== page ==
LITERARY REVIEW

Harry Potter and the curse of Indian hemp

THIS column is about how I came across Harry Potter in a store selling clothes and other things made from hemp.

Hemp (botanical name cannabis, source for canvas) was called Indian Hemp after its widespread use in India where ropes and gunny sacs from jute have been made for centuries. In North America, growing hemp was banned for 60 years until the mid-1990s, when lawmakers recognised it was a cousin of the marijuana plant but did not have the same psychoactive properties.

What is so special about hemp clothing? It is environment-friendly, I was told. A third of a pound of pesticides and chemical fertilizer goes into every cotton shirt, chemicals which are proven to cause cancer and birth defects and to harm the environment. Hemp is a hardier crop, so it does not require these chemicals to thrive. The store also had beauty products such as soaps and hand creams and lipsticks made from hemp oil. There was a small selection of biscuits and cakes made from ingredients that included hemp.

At this point Harry Potter walked in.

J.K. Rowlings has used the term muggles to refer to non-magical humans in her Harry Potter books. It seems that muggles has been a euphemism for marijuana for a long time, popularised by New Orleans musicians who found its use inspirational. The word was used in local newspapers as early as 1921. When the musicians migrated to other parts of the U.S., so did the word. Some writers on language claim that that this was the accepted term before the word marihuana (later marijuana) was introduced.

The creator of Harry Potter is apparently being sued by the author of Rah and the Muggles for plagiarism, listing as one of the examples the word muggles. Ms. Rowling's explanation of the term muggles: "It is a twist on the English word mug, which means, "easily fooled". I made it into Muggles because it sounds gentler." The court may please take note that neither of the parties can claim to have invented the word.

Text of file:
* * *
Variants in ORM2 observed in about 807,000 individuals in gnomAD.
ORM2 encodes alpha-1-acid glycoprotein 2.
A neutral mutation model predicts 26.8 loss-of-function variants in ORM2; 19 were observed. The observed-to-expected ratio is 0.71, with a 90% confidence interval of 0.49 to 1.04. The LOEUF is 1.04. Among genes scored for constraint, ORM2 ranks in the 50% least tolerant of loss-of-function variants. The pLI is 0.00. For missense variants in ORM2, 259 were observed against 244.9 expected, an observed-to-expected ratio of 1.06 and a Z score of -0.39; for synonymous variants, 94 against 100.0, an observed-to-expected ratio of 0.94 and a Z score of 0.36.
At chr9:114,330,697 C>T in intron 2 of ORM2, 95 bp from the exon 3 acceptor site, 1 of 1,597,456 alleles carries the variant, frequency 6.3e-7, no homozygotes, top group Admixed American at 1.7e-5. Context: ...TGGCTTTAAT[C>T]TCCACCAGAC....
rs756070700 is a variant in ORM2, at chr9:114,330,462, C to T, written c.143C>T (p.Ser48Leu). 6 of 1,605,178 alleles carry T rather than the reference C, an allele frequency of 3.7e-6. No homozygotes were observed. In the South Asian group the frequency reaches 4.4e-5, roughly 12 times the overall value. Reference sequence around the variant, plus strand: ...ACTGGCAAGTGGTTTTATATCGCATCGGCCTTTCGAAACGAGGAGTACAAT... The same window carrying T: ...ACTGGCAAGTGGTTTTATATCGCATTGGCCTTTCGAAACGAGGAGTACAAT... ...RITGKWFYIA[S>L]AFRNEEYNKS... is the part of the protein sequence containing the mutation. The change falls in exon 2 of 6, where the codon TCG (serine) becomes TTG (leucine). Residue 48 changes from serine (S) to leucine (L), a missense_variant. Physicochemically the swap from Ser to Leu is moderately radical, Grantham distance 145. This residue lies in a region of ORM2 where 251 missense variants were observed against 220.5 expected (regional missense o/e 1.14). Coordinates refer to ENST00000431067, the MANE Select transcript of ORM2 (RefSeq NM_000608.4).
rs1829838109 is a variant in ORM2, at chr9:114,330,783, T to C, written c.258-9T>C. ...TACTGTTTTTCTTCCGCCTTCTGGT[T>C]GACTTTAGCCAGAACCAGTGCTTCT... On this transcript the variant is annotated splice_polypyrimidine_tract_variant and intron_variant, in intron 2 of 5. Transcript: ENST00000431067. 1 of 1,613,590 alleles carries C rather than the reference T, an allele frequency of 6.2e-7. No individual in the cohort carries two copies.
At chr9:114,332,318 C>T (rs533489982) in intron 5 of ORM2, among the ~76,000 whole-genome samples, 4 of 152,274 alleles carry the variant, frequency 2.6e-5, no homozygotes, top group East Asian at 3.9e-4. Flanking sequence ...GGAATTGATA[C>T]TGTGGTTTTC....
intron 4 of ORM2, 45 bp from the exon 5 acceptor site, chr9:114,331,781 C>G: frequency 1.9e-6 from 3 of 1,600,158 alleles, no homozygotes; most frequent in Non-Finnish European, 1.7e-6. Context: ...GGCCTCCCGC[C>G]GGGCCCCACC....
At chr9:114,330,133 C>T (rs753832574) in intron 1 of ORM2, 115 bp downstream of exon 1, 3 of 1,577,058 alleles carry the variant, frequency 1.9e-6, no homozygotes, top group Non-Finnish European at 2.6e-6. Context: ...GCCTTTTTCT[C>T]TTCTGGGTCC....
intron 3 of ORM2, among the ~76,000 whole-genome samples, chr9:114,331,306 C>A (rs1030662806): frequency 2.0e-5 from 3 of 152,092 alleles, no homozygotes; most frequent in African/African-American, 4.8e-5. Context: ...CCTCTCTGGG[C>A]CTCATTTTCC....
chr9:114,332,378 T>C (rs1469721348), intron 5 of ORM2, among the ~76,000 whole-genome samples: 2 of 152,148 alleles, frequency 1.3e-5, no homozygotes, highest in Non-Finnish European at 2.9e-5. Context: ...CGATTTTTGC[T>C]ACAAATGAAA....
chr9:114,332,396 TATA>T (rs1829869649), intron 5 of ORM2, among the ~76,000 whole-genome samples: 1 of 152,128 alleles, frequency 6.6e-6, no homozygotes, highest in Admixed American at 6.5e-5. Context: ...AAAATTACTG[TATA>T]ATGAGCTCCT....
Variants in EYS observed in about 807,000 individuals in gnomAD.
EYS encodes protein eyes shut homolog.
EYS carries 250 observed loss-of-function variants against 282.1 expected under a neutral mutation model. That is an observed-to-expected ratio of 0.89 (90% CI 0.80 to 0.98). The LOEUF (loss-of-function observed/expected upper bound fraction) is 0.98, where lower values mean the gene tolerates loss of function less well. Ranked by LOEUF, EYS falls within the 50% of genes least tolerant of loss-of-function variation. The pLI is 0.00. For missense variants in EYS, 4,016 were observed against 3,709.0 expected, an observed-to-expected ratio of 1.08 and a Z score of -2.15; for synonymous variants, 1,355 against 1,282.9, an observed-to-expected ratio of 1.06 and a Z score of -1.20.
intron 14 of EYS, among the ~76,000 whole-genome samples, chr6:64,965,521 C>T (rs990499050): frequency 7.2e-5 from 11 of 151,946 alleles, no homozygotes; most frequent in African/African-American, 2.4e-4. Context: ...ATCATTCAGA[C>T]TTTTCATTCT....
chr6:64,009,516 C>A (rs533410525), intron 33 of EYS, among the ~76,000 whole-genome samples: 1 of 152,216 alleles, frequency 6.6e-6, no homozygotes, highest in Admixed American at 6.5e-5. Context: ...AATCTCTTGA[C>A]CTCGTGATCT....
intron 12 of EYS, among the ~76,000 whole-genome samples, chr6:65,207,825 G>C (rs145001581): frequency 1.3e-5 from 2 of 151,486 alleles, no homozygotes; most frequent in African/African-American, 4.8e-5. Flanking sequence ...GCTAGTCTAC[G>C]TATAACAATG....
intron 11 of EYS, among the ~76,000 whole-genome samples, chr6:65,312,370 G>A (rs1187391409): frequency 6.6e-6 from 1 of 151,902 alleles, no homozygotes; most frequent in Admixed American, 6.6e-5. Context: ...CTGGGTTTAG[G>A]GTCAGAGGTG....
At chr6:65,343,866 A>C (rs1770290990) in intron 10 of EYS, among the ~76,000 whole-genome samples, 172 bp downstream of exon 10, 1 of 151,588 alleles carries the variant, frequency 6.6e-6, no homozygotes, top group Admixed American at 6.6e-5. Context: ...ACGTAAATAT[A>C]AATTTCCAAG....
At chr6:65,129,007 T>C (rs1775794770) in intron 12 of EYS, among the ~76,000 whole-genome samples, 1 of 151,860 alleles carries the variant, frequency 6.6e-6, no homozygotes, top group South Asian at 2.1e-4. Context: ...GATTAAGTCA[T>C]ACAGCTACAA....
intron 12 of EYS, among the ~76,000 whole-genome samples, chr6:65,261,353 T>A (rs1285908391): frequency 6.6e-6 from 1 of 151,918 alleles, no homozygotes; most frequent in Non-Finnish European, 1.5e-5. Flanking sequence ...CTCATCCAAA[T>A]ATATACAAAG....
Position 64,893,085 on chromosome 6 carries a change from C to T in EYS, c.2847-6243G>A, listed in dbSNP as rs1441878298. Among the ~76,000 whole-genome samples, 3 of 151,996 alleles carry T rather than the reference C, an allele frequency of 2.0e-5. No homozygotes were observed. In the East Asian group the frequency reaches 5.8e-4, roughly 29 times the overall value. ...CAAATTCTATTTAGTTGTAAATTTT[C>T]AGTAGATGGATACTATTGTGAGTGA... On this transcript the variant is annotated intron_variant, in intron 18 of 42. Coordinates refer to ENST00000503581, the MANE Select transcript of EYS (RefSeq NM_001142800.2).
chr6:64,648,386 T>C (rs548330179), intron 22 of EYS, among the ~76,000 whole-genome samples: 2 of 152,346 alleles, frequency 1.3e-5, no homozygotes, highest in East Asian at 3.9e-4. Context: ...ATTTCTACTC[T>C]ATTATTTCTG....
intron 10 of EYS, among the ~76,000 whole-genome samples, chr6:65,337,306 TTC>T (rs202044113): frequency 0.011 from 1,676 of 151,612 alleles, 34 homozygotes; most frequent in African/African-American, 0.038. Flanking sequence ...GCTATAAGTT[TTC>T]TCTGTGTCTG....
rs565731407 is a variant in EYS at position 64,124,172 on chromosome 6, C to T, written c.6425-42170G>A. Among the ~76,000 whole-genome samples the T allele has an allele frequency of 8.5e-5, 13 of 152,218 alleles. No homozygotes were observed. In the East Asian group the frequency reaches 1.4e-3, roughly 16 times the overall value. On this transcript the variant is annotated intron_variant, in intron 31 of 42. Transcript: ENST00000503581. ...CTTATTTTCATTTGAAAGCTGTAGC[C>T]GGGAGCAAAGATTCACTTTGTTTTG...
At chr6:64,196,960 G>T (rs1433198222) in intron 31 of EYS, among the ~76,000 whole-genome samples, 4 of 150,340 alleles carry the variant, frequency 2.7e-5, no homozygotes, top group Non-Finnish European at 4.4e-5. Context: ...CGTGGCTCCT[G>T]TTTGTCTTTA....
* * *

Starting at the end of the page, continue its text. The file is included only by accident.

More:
The story behind the origin of the word marijuana and the stigma attached to Indian hemp is as heady as marijuana smoke. Its creation has been traced back to an FBI agent, Harry J. Anslinger (sounds like "gunslinger", with an attitude to match). The FBI was created in order to fight post-World War I war on drugs in U.S. — the prohibition on sale and drinking of alcohol — and when the Prohibition ended many thought that the FBI too would be disbanded. Faced with the possibility of being out of work, agent Anslinger decided to create a drug scare. He chose hemp for its supposed poisonous and/or hallucinogenic properties, ignoring the fact that a hundred years ago (according to US National Institute of Mental Health), "extracts of Cannabis were as commonly used for medicinal purpose in the United States as aspirin today."

The "scary drug" had to have a catchy name, and Anslinger chose an obscure Mexican slang term, derived from Maria Juana (Mary Jane) — originally a brand of cheap cigarettes. If we notice that Juan (John) is pronounced as "wahn" in Spanish, the pronunciation "mari-huana" begins to make sense. Among a couple of hundred slang names for marijuana, some of the most common are: pot, weed, reefer, grass, dope, joint, seed, tea and Texas tea.

The FBI not only succeeded in making marijuana illegal, the horror stories it spread about hemp were completely fictitious and almost entirely racist. Among them: the plant would render decent white women susceptible to seduction by black men. These fabricated stories were widely accepted and even made it across the Atlantic to Britain where they formed the main theme of a book called Indian Hemp, a Social Menace (1956). "Reefer Madness", a 1936 film supposedly sponsored by the FBI to scare teenagers away from marijuana is so silly and almost comical in its seriousness that it is listed as a "comedy" in modern film catalogues.

Rowling's twist on the word "mug" is but one of many. Mug is a Scandinavian word meaning "drinking vessel". It was common in the 17th and 18th Centuries to decorate drinking mugs with grotesque caricatures of human faces, and "mug" became a popular slang term for "face". It also became a slang term for "guy" or "fellow", sometimes "a sucker" or "a fool". Children often "mug" or make a distorted face while being photographed. "Mugging", originally meant to rob by punching or striking the victim in the face. Crooks who "mugged" often ended up with pictures of their faces ("mug shots") taken by police.

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In the last month's concluding column on war words, I forgot to acknowledge the source of the quote: "when the balloon went up for the gulf war". I now do. It was from William Safire.

E-mail the writer at:

anand@journalist.com

ANAND

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